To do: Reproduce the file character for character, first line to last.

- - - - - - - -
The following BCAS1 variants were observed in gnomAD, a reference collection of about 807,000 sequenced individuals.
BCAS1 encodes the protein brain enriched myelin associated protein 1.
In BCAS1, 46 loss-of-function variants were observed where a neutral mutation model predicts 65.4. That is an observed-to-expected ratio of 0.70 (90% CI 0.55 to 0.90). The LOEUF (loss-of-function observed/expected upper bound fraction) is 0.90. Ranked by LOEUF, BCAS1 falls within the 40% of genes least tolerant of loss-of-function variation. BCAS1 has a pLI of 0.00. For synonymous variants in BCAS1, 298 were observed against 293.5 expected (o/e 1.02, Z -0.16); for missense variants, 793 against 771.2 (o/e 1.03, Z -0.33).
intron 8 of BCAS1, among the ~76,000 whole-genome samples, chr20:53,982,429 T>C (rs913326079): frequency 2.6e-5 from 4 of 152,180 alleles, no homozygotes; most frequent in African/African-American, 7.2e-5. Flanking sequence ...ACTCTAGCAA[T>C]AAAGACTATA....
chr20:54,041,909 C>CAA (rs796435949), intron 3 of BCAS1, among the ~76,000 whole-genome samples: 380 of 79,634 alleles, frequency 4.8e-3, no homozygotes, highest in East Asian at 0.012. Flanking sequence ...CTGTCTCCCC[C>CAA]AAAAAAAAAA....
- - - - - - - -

The following BCAS1 variants were observed in gnomAD, a reference collection of about 807,000 sequenced individuals.
BCAS1 encodes the protein brain enriched myelin associated protein 1.
In BCAS1, 46 loss-of-function variants were observed where a neutral mutation model predicts 65.4. That is an observed-to-expected ratio of 0.70 (90% CI 0.55 to 0.90). The LOEUF (loss-of-function observed/expected upper bound fraction) is 0.90. Ranked by LOEUF, BCAS1 falls within the 40% of genes least tolerant of loss-of-function variation. BCAS1 has a pLI of 0.00. For synonymous variants in BCAS1, 298 were observed against 293.5 expected (o/e 1.02, Z -0.16); for missense variants, 793 against 771.2 (o/e 1.03, Z -0.33).
intron 8 of BCAS1, among the ~76,000 whole-genome samples, chr20:53,982,429 T>C (rs913326079): frequency 2.6e-5 from 4 of 152,180 alleles, no homozygotes; most frequent in African/African-American, 7.2e-5. Flanking sequence ...ACTCTAGCAA[T>C]AAAGACTATA....
chr20:54,041,909 C>CAA (rs796435949), intron 3 of BCAS1, among the ~76,000 whole-genome samples: 380 of 79,634 alleles, frequency 4.8e-3, no homozygotes, highest in East Asian at 0.012. Flanking sequence ...CTGTCTCCCC[C>CAA]AAAAAAAAAA....